In his latest book, Australia Reimagined: Towards a more compassionate, less anxious society, Mackay addresses some of the forces at work in our communities — disappointment in political leadership, loss of faith in once-respected institutions such as the Church, dropping education standards and the explosion of social media — that are causing us to experience, sometimes paradoxically, more loneliness.
Part of the solution to repairing our fragmented and lonely society, he argues, is to “get off our screens and connect with the people in our local neighbourhoods...The great thing about neighbourhoods is they’re full of people we may like or dislike, very different from us. It’s very good for our moral development to have to learn how to rub along with people you didn’t choose.”
The Salvation Army has a wide variety of programs and personnel around the nation to work with people of all ages and backgrounds suffering from loneliness. These include: local corps (churches) and community programs, Doorways case workers, chaplaincy network, street programs, youth outreach services, Salvos Stores, drug and alcohol rehabilitation centres and multicultural ministries. For more information, go to www.salvationarmy.org.au/need-help/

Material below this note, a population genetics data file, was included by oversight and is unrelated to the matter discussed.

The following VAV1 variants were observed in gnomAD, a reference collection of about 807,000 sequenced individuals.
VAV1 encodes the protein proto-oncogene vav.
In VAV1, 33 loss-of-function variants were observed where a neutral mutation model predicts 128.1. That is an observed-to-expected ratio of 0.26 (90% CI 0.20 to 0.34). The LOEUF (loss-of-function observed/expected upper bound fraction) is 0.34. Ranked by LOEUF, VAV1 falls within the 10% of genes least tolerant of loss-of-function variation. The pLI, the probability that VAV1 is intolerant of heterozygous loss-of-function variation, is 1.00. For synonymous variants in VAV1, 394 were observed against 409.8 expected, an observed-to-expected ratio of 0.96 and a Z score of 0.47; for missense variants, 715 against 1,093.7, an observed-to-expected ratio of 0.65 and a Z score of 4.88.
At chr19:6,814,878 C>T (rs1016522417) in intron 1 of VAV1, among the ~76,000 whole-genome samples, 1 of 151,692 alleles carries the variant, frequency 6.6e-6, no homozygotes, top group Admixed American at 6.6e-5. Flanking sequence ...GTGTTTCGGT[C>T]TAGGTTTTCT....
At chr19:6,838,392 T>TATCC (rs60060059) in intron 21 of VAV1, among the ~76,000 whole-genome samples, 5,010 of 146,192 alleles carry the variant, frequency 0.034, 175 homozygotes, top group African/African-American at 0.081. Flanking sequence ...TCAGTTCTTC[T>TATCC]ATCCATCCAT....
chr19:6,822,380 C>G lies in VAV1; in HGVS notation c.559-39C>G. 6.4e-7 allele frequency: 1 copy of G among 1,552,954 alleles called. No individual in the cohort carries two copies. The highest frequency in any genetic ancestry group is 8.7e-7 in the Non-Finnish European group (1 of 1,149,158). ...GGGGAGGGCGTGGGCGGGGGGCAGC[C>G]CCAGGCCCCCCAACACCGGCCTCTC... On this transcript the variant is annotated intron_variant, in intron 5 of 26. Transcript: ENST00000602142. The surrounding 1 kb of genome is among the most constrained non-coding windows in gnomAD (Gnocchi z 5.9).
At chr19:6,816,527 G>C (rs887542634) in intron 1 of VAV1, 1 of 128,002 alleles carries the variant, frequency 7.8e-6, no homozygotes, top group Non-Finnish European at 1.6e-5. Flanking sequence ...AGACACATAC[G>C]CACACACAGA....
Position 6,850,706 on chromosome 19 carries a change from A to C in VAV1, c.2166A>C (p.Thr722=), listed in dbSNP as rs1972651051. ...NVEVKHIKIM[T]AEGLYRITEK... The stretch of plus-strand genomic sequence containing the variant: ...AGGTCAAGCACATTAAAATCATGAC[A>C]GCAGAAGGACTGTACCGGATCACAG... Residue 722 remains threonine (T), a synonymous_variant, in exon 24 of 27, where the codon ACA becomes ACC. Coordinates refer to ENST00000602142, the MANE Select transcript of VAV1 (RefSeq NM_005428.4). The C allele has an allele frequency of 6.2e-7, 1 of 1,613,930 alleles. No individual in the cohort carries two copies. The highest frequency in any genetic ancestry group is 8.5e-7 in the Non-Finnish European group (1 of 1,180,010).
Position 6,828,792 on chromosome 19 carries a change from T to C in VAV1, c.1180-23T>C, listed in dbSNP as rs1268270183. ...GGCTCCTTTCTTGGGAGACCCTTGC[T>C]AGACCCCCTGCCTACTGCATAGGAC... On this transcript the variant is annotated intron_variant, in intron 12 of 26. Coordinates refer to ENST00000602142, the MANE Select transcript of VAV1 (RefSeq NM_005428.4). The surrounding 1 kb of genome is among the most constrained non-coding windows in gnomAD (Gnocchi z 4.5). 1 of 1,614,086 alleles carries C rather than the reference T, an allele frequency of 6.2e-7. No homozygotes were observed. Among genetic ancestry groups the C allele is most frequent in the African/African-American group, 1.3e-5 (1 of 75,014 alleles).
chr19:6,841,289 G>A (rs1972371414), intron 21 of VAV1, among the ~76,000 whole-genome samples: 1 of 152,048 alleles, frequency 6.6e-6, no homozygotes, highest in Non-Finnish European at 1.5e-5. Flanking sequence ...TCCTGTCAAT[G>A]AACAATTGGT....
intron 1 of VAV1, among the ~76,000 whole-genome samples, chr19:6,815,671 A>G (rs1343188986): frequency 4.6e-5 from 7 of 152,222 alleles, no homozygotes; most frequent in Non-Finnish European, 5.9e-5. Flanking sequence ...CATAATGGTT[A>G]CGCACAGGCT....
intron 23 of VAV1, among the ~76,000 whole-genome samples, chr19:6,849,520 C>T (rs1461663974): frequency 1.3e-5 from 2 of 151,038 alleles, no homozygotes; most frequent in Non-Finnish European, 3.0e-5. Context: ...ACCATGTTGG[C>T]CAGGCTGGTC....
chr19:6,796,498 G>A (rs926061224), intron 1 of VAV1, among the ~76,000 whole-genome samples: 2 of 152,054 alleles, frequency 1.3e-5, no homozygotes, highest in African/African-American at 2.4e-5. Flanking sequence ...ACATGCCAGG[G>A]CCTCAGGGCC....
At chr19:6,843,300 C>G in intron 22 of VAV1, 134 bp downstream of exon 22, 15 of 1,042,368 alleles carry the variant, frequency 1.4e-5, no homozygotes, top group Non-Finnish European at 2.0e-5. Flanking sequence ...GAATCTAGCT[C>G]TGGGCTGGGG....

Mackay also suggests that faith will play a role in the renewal of our communities towards a more compassionate and less anxious society.
“Even among people who don’t have any religious faith, they admire it and often envy it,” he says. “People recognise that the expression of faith, whether in medical care, social services, or education, is likely to be of a very high standard because it’s driven by this faith in the higher being, this higher power.”